Has the Obesity Rate Peaked?

Articles
November 23, 2010

Has the Obesity Rate Peaked?

American’s waistlines will continue to expand until just under half, 42 percent, of the nation is considered obese; according to a prediction by a team of researchers at Harvard University.

American’s waistlines will continue to expand until just under half, 42 percent, of the nation is considered obese; according to a prediction by a team of researchers at Harvard University. This prediction is contrary to other expert predictions that say the obesity rate has peaked at the current 34 percent of the population. Led by the same group that reported back in 2007 that having an obese friend increases a person’s chances of becoming obese by more than half, this finding is based on a mathematical model that was applied to four decades of data from the Framingham Heart Study.
 
Researchers looked at the probability of becoming obese and its influences. As reported in Reuters, over the long-running study, the rate of weight gain caused by social interaction – spending time with obese friends - has grown quite rapidly since the 70s. Researchers say it looks like obesity is becoming more infectious. In fact, the team found that an adult living in the US has about a two percent chance of becoming obese in any given year, and on top of that, each obese social contact (having obese friends) increases the risk of becoming obese by half of a percent. Unfortunately, having more healthy-weight friends was not found to help people lose weight.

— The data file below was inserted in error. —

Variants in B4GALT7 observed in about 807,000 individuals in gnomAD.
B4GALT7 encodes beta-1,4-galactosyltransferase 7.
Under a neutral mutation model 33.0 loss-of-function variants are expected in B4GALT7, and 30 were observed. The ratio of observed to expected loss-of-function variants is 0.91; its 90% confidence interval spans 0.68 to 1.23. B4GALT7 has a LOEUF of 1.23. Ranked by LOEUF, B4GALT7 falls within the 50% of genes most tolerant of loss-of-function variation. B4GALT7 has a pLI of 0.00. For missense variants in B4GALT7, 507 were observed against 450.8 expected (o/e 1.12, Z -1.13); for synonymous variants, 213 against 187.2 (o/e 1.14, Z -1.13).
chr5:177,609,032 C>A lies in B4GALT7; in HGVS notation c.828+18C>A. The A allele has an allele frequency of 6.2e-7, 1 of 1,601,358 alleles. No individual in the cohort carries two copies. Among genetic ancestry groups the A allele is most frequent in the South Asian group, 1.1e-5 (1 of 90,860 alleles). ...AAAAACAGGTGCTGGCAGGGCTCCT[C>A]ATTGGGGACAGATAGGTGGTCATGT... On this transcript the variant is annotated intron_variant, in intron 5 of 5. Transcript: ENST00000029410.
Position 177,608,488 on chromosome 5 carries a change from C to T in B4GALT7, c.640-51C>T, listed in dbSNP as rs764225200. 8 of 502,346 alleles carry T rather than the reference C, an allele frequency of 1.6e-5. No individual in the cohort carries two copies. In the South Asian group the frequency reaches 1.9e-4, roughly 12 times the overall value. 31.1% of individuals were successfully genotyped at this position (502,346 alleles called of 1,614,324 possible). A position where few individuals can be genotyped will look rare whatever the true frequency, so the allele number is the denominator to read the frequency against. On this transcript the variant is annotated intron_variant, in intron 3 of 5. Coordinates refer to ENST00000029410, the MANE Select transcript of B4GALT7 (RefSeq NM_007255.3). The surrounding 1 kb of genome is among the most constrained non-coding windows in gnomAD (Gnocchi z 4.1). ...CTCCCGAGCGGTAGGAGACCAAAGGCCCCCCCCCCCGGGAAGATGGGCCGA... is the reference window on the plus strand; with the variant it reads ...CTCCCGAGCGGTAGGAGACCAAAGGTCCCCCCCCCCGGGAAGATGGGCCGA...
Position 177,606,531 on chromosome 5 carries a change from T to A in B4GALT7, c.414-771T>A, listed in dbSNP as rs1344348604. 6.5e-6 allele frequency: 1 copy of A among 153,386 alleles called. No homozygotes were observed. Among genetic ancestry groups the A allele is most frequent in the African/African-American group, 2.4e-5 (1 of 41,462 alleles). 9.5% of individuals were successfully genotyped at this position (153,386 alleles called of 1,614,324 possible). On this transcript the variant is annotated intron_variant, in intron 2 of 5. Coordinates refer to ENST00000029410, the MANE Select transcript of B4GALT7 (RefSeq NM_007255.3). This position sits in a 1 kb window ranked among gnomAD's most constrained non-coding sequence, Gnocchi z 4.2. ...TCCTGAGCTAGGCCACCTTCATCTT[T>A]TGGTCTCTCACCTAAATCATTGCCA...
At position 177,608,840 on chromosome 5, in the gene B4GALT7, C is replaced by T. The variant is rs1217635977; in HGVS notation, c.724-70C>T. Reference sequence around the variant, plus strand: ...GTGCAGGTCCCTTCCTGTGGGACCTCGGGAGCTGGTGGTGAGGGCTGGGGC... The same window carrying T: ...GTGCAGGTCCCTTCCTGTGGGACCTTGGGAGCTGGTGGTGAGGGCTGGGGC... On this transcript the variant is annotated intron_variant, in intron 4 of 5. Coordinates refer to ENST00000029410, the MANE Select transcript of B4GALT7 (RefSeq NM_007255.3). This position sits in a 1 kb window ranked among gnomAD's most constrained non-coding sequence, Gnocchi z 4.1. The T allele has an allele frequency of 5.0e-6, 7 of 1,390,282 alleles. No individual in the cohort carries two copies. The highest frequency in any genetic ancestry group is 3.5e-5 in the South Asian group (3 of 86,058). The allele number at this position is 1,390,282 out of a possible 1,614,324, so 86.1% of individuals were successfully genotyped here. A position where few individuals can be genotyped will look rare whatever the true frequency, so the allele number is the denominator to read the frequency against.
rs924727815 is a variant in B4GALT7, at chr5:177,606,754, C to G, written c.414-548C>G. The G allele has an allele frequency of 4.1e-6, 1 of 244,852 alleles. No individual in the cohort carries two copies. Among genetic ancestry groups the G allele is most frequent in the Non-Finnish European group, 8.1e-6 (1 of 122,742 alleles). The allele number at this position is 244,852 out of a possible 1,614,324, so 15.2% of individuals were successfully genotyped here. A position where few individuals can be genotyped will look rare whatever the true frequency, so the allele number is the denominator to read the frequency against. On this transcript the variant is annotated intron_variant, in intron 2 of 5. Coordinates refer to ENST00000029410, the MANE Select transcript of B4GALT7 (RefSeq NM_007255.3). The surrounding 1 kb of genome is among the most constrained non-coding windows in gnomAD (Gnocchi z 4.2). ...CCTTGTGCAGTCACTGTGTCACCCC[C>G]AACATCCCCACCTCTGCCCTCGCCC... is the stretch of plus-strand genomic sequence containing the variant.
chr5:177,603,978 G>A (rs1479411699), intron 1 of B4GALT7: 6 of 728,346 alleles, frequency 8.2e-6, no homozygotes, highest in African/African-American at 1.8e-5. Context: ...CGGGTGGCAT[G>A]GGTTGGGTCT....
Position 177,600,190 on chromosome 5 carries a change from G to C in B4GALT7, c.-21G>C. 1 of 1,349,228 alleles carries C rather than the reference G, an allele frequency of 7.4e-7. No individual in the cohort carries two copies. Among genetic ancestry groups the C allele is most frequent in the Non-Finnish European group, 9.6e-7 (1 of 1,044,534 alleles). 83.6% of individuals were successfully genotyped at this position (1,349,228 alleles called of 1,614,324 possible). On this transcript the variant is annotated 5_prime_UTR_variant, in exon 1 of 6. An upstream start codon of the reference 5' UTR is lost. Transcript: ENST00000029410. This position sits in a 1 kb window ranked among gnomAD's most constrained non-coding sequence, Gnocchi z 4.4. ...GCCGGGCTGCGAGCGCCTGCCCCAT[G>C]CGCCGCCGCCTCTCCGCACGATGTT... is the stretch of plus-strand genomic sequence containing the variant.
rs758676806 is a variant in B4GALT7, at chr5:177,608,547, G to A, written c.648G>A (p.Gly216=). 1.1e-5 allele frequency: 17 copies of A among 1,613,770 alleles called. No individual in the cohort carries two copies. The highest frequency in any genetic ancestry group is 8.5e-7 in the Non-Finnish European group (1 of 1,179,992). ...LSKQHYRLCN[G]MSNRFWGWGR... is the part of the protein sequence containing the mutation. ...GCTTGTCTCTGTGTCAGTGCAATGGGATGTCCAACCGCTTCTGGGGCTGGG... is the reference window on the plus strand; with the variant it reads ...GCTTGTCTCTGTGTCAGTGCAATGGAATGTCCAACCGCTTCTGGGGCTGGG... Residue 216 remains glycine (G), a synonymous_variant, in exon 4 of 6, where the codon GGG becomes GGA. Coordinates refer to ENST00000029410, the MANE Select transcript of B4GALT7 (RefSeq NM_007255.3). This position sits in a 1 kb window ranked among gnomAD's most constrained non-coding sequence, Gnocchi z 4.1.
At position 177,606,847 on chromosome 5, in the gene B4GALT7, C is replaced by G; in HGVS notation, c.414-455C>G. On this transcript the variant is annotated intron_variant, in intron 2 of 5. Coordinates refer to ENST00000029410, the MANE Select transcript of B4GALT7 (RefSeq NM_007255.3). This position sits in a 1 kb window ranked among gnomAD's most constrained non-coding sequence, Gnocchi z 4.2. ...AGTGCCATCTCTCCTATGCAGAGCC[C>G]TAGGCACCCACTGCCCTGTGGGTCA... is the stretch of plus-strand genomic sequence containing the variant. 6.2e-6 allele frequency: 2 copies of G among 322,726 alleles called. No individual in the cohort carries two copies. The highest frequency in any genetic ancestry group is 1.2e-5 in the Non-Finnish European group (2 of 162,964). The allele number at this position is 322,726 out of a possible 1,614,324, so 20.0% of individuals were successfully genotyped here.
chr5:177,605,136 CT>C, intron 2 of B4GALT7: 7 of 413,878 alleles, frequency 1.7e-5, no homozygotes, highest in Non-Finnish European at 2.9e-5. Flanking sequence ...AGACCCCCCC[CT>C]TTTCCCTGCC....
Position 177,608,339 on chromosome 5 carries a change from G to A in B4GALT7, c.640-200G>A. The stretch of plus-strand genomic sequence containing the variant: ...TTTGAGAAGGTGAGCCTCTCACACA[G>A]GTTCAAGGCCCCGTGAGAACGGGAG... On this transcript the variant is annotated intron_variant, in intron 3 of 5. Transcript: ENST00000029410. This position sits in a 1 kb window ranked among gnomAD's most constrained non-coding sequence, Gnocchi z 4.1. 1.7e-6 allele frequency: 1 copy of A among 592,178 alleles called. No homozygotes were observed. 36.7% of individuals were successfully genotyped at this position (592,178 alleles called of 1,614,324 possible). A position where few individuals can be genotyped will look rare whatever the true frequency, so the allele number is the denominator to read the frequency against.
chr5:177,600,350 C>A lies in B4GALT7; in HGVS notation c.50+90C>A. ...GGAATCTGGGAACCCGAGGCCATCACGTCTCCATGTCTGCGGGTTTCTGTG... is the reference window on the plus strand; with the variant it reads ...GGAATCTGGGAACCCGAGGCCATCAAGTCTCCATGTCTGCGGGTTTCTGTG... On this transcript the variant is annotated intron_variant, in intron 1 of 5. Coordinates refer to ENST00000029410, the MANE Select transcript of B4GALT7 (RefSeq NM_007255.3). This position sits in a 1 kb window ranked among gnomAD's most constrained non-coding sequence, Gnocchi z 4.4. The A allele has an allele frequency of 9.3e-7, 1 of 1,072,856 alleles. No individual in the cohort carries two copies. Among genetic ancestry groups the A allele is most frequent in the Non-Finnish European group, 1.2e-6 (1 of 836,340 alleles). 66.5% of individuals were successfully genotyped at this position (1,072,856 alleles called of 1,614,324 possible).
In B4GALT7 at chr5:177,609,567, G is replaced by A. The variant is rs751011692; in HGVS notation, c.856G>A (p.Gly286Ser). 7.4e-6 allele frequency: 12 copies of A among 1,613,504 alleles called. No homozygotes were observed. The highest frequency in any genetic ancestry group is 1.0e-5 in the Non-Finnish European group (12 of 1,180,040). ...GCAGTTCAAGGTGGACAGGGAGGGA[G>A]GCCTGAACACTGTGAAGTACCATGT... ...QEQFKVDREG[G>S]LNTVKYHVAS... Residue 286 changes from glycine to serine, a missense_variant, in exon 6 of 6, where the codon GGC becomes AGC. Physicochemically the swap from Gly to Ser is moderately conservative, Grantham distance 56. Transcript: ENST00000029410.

Researchers believe this is the “best case scenario,” and that changes in public policy can make a difference. So here is where retailers step in; create programs to promote healthy eating and weight loss among overweight individuals - the supermarket can play a central role in making healthy purchasing decisions and encouraging continued healthy behaviors. Partner with local health clinics, nutritionists as well as involving in store dieticians, chefs and local health clubs. Community is vital if we are to prove the Harvard researchers wrong. 
 
For reference, the Centers for Disease Control and Prevention report that obesity related diseases account for nearly 10 percent of medical spending in the U.S., an estimated $147 billion a year.
 
The Harvard University findings are reported in the Public Library of Science journal PLoS Computational Biology.